“The current empirical paradigm for psychological research is criticized because it ignores the irreversibility of psychological processes, the infinite number of influential factors, the pseudo-empirical nature of many hypotheses, and the methodological implications of social interactivity. An additional point is that the differences and correlations usually found are much too small to be useful in psychological practice and in daily life. Together, these criticisms imply that an objective, accumulative, empirical and theoretical science of psychology is an impossible project.”

You could simply substitute ‘education’ for ‘psychology’ in this, and it would read the same. But it gets worse, because education is as much about technology and design as it is about states of mind and behaviour, so it is orders of magnitude more complex than psychology. The potential for invention of new ways of teaching and new states of learning is essentially infinite. Reductive science thus has a very limited role in educational research, at least as it has hitherto been done.

But what if we took the lessons of simulated annealing to heart? I recently bookmarked an approach to more reliable research suggested by the Christensen Institute that might provide a relevant methodology. The idea behind this is (again, simplifying a bit) to do the experimental stuff, then to sweep the normal results to one side and concentrate on the outliers, performing iterations of conjectures and experiments on an ever more diverse and precise range of samples until a richer, fuller picture results. Although it would be painstaking and longwinded, it is a good idea. But one cycle of this is a bit like a single iteration of Miller’s simulated annealing approach, a means to reach the top of one peak in the fitness landscape, that may still be a low-lying peak. However if, having done that, we jumbled up the variables again and repeated it starting in a different place, we might stand a chance of climbing some higher anthills and, perhaps, over time we might even hit a mountain and begin to have something that looks like a true science of education, in which we might make some reasonable predictions that do not rely on vague generalizations. It would either take a terribly long time (which itself might preclude it because, by the time we had finished researching, the discipline will have moved somewhere else) or would hit some notable ethical boundaries (you can’t deliberately mis-teach someone), but it seems more plausible than most existing techniques, if a reductive science of education is what we seek.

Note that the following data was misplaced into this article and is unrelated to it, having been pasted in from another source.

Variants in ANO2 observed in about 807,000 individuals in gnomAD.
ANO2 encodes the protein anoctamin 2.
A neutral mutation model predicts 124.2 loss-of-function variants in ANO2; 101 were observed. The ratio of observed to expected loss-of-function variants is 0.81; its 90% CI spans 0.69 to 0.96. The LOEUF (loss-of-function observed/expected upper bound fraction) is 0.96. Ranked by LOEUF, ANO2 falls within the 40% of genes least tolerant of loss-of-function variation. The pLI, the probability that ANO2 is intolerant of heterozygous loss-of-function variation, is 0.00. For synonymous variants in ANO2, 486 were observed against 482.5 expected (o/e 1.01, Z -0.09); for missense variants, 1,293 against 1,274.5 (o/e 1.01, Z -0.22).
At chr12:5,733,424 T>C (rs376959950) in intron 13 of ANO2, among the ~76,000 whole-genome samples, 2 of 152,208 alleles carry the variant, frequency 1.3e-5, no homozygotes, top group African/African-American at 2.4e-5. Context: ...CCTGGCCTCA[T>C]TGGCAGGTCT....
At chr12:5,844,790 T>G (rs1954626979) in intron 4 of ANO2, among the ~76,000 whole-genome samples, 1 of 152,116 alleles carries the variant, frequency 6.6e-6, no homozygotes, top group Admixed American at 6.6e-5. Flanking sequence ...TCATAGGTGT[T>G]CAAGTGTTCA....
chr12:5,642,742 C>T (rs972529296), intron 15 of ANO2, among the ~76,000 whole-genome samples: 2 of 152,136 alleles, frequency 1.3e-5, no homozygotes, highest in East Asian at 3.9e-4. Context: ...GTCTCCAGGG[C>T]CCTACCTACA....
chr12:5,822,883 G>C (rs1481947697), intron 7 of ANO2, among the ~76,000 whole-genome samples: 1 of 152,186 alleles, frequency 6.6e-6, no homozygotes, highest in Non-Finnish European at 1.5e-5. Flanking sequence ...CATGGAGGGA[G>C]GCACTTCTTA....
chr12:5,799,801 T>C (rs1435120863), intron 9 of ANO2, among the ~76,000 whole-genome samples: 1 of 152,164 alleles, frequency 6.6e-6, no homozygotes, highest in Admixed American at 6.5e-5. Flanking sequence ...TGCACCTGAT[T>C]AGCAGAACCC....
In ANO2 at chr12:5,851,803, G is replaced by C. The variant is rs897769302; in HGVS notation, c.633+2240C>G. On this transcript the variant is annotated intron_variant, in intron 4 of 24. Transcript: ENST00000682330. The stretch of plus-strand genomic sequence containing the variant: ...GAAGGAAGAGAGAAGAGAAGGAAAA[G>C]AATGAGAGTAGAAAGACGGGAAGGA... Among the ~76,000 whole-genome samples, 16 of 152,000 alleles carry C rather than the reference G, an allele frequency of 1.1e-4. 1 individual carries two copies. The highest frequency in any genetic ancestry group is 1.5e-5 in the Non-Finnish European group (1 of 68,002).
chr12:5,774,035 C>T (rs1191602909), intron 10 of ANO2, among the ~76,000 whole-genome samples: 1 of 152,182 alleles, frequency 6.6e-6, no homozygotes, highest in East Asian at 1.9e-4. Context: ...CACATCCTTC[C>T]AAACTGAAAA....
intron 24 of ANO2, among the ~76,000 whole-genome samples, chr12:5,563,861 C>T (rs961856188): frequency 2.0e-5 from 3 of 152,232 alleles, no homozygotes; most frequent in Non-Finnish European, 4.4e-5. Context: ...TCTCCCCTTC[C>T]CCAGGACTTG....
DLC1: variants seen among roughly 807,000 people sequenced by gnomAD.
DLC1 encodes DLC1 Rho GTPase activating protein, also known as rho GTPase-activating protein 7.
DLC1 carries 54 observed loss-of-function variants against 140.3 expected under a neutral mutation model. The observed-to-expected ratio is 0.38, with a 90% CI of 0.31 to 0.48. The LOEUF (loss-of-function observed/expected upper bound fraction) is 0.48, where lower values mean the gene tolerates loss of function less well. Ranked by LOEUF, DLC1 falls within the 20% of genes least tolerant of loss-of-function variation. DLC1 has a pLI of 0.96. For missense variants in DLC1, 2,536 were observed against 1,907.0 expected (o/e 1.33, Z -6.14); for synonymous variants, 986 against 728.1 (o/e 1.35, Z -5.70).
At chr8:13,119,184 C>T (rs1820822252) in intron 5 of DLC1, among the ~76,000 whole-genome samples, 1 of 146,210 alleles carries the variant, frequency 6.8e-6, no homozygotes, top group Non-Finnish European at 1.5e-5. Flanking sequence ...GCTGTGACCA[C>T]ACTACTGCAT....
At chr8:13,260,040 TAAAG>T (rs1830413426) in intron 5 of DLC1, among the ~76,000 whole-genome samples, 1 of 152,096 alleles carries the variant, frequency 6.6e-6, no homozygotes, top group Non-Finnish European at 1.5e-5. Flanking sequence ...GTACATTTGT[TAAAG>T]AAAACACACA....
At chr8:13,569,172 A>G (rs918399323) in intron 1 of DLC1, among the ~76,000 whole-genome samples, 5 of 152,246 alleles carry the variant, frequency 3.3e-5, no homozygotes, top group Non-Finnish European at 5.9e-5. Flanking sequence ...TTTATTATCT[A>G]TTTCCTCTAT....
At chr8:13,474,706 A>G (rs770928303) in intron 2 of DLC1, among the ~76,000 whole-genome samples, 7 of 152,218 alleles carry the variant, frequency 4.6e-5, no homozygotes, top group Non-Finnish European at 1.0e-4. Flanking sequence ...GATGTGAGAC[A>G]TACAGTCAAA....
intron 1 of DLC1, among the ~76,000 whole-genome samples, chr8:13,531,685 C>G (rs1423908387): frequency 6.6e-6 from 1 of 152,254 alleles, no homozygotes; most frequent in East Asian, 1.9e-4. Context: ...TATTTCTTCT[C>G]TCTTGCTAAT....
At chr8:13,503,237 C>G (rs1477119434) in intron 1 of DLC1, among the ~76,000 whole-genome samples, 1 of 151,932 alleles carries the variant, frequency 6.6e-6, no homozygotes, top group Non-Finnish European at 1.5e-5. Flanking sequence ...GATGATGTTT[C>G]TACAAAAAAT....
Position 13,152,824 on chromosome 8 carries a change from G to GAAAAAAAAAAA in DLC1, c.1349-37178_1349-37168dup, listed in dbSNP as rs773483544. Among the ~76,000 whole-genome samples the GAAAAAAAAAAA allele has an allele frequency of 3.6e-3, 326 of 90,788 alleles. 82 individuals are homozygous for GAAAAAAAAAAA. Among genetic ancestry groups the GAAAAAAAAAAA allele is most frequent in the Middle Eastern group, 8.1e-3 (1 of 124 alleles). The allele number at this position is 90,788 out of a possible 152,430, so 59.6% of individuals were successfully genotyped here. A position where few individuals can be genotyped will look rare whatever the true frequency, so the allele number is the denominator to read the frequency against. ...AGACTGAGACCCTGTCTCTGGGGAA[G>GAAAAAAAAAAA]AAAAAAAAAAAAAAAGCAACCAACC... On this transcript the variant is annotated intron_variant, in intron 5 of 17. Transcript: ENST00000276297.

To be frank, I am not convinced it is worth the trouble. It seems to me that education is far closer as a discipline to art and design than it is to psychology, let alone to physics. Sure, there is a lot of important and useful stuff to be learned about how we learn: no doubt about that at all, and a simulated annealing approach might speed up that kind of research. Painters need to know what paints do too. But from there to prescribing how we should therefore teach spans a big chasm that reductive science cannot, in principle or practice, cross. This doesn’t mean that we cannot know anything: it just means it’s a different kind of knowledge than reductive science can provide. We are dealing with emergent phenomena in complex systems that are ontologically and epistemologically different from the parts of which they consist. So, yes, knowledge of the parts is valuable, but we can no more predict how best to teach or learn from those parts than we can predict the shape and function of the heart from knowledge of cellular organelles in its constituent cells. But knowledge of the cocktails that result – that might be useful.